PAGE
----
Lisa McLaughlin, Co-CEO of WorkIt Health, says her company is “committed to creating a safe environment for our members to receive the most intelligent and effective care.” A representative for Confidant Health also confirms that the company recognizes the importance of privacy in SUD care and will “continue to comply with HIPAA and related laws and follow our internal policies that we have created to protect our members.”
Representatives of other companies included in the study did not deny the use of third parties identified by the researchers, but maintained that this does not threaten the privacy of patients and is consistent with the standards on the Internet and in the medical environment.
Nick Mercadante, founder and CEO of PursueCare, says his company does not collect, store, or forward protected health information on users, and that patients do not receive their care directly on the PursueCare website. He said PursueCare does not share protected health information (PHI) with third parties, although it “uses Facebook Pixel and Google Analytics for internal purposes.”
“It’s true that most web users today can collect data,” says Mercadante. “Health-related websites, including those for health care, hospitals, hospices, and other brick-and-mortar facilities, are no different.”
Pear Therapeutics, which administers reSET-O, says it does not share PHI without patient consent, does not use any digital means to identify users, and describes the data as “aggregated and de-identified.”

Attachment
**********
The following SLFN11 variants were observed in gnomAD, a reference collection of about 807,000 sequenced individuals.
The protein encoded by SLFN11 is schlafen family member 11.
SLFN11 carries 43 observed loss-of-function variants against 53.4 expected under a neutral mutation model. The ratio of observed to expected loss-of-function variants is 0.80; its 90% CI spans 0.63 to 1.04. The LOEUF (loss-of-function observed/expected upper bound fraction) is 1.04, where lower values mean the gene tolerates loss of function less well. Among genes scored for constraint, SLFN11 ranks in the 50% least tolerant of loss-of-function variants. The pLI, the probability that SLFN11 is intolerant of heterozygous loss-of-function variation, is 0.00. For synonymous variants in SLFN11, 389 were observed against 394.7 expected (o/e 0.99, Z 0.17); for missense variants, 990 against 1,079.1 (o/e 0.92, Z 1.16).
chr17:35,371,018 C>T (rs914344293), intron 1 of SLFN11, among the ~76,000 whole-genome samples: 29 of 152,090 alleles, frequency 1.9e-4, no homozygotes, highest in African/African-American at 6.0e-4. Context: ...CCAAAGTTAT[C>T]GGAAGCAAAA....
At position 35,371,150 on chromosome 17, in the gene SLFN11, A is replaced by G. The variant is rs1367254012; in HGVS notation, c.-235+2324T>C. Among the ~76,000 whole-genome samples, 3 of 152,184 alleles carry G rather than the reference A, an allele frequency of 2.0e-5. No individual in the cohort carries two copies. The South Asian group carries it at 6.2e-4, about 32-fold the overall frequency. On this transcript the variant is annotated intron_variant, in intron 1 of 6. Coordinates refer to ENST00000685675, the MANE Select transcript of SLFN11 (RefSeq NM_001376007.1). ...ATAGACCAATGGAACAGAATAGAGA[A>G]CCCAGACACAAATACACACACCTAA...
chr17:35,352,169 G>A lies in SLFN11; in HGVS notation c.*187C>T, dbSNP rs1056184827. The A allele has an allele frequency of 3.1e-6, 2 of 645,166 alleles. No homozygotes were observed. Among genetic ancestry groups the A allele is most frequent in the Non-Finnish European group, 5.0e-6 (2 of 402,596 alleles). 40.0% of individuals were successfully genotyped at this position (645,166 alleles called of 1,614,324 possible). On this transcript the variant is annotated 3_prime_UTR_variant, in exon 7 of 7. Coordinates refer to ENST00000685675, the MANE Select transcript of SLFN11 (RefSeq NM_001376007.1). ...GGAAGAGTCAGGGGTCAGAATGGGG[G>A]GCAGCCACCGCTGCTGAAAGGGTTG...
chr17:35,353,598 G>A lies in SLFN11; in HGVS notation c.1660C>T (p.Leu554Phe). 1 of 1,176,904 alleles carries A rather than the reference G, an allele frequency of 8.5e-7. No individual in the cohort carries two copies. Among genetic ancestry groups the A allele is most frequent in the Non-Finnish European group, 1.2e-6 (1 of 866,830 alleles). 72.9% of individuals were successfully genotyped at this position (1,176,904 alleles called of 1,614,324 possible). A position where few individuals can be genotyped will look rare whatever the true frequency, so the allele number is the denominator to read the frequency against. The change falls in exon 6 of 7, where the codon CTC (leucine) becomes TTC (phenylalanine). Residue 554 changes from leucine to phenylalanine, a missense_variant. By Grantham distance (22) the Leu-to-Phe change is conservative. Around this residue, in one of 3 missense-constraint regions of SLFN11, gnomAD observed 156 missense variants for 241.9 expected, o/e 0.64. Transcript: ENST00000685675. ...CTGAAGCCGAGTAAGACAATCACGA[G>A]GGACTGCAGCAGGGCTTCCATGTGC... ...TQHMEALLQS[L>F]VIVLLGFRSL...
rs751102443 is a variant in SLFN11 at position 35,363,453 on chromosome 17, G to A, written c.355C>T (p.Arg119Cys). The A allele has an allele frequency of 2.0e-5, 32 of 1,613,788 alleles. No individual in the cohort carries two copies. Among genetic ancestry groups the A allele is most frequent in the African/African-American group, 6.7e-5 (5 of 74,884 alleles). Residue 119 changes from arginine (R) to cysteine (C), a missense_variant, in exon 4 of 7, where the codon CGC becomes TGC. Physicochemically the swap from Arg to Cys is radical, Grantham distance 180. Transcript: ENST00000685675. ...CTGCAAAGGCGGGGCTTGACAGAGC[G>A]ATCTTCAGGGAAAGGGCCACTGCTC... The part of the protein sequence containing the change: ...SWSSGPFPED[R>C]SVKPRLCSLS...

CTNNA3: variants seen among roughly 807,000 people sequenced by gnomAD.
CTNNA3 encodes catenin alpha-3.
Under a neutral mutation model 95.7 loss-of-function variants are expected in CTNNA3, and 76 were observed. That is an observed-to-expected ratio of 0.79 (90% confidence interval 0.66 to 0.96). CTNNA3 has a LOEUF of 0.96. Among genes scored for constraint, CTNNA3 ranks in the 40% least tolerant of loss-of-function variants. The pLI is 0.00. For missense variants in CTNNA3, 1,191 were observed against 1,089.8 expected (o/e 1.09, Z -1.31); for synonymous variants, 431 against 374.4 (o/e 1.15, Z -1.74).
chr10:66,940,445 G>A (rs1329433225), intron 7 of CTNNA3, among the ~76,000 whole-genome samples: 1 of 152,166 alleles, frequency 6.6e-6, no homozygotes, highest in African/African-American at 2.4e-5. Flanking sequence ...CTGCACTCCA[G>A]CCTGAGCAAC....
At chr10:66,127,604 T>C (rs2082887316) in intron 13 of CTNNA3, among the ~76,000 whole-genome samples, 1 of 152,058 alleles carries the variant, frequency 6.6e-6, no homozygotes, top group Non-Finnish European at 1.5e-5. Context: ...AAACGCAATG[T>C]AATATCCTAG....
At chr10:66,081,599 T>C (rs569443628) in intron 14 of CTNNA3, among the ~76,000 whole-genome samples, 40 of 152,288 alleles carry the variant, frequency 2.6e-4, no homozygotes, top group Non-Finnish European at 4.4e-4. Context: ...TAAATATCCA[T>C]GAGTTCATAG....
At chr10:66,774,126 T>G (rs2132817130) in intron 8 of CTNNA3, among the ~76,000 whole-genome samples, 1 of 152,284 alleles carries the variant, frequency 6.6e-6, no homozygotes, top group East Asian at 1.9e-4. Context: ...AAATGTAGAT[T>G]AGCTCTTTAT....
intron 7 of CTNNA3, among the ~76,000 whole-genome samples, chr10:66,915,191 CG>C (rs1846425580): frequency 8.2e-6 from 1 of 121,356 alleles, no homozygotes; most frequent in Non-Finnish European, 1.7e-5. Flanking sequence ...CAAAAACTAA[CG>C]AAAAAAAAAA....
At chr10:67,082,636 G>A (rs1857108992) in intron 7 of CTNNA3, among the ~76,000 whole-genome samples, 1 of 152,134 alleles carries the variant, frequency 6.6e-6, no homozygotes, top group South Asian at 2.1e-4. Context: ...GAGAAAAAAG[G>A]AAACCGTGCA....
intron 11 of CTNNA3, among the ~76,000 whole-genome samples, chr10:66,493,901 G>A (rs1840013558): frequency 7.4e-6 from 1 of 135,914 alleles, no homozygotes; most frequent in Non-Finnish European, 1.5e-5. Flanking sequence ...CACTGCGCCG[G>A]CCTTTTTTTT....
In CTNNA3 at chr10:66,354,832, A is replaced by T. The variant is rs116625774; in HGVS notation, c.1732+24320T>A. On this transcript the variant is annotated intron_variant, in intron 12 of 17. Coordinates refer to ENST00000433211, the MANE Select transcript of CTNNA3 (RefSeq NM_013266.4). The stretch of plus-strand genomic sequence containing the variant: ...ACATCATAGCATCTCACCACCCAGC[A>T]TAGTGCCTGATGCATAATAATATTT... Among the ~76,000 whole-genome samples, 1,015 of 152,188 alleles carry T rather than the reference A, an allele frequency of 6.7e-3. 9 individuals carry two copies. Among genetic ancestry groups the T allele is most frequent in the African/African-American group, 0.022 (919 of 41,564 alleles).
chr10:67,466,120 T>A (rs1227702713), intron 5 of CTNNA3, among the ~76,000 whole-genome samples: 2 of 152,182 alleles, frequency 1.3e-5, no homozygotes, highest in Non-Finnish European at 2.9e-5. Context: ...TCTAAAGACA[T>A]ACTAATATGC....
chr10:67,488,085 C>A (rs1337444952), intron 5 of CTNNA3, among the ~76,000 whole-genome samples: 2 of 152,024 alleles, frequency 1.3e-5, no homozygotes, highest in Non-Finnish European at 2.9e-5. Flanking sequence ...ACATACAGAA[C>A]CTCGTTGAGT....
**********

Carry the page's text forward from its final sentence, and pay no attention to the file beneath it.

Experts remain concerned with the collection of data in the first place, anonymous or not, but they agree that what is happening now is illegal and can continue for that reason. Danielle Tarino, who previously led SAMHSA’s health team and now works on cybersecurity, has spent a lot of time researching the privacy implications of mHealth, particularly for people with substance use disorders. He believes that the best shot at protecting privacy will come from developing and implementing additional tools.
“That’s how small businesses work, and if no one tells you you’re not allowed to do it, you’re allowed to do it,” he says, questioning whether websites using third-party advertisers and software are on the decline. to the economy. Clark, too, expresses concern that the use of data collection is controlled by money and, for a reasonable price, can be sold or leased to the police or other groups. “When there are financial incentives, people change. When there are no financial incentives, it doesn’t happen,” he says. In short, privacy experts do not expect mHealth companies to stop collecting data unless forced to do so.
The opinions of cyber security experts and CEOs of telehealth companies are important, but perhaps even more important are the opinions of drug addicts, the people who stand to lose the most if the experts’ fears come true and for whom Part 2 was created. . When shown the findings, one patient who uses brick-and-mortar clinics said via direct link, “Thanks for reconfirming why I don’t use the phone.” He said he’s not sure the findings will stop anyone from using telehealth if it’s the only way to get treatment. Patients should only trust their caregivers to do what is in their best interest.
One patient who used one of the companies that OPI and LAC reviewed was shocked by what they found. “He should [be required to] have a job that prevents them from following anything like that,” he says.
“How much money is mine?” he asks, he doubts whether the data from his website and other patients using the website was worth more than the few hundred dollars he makes every month as patients. “It’s very dangerous. This is the first time in my life that I haven’t been tested in 10 years. Now, I’m not. To think that someone will actually look… Who knows what will happen?”